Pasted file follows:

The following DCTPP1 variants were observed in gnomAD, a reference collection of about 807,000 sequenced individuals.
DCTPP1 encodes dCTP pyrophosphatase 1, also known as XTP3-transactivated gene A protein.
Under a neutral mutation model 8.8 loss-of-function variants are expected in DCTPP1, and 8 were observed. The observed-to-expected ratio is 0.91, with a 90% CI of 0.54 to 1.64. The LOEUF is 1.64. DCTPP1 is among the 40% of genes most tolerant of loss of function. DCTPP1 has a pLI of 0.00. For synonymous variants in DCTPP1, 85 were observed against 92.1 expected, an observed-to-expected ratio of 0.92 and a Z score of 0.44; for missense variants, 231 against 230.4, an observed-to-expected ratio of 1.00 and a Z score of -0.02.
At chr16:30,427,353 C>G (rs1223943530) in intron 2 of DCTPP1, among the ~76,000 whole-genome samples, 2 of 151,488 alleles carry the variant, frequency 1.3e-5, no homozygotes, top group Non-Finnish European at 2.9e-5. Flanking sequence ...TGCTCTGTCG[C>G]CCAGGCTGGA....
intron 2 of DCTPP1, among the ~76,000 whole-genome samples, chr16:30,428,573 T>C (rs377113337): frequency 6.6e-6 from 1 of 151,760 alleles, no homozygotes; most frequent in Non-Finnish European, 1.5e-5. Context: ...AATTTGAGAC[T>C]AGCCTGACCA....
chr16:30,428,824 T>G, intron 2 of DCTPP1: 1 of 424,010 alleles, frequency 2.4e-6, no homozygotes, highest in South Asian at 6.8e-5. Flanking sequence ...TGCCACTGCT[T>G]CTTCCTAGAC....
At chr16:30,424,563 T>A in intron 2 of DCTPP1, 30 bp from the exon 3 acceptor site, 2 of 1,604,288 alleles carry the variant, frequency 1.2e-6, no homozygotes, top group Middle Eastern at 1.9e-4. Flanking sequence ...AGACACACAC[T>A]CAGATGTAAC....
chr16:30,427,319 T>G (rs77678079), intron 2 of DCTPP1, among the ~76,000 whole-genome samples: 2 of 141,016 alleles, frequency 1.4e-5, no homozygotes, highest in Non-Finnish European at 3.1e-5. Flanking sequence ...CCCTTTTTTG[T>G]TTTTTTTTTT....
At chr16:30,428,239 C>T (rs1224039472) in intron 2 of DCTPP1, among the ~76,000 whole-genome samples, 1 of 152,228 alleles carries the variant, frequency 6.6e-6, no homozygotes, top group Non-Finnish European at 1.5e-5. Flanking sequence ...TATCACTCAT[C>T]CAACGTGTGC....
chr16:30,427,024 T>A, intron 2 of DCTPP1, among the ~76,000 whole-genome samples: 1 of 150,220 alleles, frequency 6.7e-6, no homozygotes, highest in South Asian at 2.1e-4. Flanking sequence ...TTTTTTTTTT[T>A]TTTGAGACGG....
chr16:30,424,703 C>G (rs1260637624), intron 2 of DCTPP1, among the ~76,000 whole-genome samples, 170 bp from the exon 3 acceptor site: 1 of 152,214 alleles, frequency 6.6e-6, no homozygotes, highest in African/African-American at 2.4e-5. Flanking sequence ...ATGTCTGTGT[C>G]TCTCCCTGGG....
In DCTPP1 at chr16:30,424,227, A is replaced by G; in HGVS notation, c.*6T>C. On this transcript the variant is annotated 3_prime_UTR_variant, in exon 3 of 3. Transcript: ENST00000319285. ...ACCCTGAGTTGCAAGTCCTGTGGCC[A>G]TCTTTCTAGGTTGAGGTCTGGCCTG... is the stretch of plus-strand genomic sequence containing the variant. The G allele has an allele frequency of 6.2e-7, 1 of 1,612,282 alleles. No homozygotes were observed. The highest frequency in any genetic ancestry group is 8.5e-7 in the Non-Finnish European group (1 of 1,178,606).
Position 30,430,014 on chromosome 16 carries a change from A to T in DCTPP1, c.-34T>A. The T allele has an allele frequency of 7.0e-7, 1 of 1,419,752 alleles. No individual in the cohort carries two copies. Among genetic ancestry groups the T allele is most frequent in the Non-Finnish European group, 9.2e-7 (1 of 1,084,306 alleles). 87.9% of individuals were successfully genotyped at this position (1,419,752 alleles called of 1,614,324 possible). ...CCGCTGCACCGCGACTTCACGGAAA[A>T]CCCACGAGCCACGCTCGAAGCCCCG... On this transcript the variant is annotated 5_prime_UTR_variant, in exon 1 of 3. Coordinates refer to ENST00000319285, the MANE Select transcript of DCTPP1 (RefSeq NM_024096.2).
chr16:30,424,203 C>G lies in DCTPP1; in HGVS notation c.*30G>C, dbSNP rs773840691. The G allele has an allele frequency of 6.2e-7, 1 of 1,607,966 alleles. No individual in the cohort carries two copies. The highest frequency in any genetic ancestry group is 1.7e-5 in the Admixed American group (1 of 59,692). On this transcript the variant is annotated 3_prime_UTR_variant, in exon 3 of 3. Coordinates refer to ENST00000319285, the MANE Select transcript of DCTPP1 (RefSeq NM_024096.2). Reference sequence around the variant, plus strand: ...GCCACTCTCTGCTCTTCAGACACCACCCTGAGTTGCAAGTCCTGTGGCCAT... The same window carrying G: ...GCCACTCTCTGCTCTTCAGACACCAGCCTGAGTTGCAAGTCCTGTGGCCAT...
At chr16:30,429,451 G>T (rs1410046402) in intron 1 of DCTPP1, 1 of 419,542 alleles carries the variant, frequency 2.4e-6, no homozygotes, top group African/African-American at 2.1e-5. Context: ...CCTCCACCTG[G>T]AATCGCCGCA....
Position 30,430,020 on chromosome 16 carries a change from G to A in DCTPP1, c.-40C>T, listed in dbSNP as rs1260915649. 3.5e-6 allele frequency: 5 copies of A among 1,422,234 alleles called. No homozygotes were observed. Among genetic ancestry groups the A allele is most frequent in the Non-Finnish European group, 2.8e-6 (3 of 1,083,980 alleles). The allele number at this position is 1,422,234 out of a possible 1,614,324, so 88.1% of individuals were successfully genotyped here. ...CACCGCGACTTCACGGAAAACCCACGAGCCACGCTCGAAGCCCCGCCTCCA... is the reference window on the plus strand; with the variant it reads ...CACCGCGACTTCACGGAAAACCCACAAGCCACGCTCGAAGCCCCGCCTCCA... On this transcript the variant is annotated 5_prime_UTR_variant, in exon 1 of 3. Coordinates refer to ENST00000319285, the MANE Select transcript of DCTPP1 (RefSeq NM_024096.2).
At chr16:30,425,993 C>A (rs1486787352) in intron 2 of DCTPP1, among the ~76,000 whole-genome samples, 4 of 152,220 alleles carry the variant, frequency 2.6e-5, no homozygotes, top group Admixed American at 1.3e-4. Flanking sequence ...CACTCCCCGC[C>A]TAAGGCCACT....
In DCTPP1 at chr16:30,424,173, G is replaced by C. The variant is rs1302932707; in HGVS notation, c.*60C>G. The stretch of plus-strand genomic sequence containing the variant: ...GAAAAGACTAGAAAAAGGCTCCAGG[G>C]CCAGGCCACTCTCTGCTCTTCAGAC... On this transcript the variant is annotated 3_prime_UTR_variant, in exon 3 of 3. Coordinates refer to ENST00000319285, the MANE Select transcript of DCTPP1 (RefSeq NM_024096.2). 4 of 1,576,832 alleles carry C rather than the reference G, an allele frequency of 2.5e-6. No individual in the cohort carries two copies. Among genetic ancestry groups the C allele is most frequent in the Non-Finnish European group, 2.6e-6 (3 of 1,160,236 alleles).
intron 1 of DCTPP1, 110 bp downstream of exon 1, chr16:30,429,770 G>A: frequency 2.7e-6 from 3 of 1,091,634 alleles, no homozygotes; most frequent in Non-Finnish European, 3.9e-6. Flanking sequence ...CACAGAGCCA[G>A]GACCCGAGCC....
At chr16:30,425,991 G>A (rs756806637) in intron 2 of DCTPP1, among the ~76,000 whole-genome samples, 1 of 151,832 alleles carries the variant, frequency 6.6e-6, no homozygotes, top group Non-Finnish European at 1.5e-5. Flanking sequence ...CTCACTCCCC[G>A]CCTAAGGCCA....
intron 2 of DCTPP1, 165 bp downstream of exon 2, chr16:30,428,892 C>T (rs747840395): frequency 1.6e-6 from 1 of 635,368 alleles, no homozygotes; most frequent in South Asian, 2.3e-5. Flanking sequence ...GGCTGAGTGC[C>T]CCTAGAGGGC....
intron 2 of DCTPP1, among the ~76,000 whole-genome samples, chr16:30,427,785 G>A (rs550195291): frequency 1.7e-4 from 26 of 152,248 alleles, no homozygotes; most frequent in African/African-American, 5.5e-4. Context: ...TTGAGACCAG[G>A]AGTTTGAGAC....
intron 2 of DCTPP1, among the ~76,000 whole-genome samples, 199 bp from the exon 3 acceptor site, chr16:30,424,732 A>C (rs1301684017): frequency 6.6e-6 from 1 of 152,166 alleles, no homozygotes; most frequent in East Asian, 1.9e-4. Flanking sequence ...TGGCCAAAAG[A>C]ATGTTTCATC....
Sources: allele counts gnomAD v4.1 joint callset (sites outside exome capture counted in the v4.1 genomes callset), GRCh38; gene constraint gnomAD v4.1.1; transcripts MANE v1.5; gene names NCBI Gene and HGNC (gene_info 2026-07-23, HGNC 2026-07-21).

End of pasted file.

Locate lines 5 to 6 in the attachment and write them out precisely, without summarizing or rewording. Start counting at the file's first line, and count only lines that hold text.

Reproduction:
intron 2 of DCTPP1, among the ~76,000 whole-genome samples, chr16:30,428,573 T>C (rs377113337): frequency 6.6e-6 from 1 of 151,760 alleles, no homozygotes; most frequent in Non-Finnish European, 1.5e-5. Context: ...AATTTGAGAC[T>C]AGCCTGACCA....
chr16:30,428,824 T>G, intron 2 of DCTPP1: 1 of 424,010 alleles, frequency 2.4e-6, no homozygotes, highest in South Asian at 6.8e-5. Flanking sequence ...TGCCACTGCT[T>G]CTTCCTAGAC....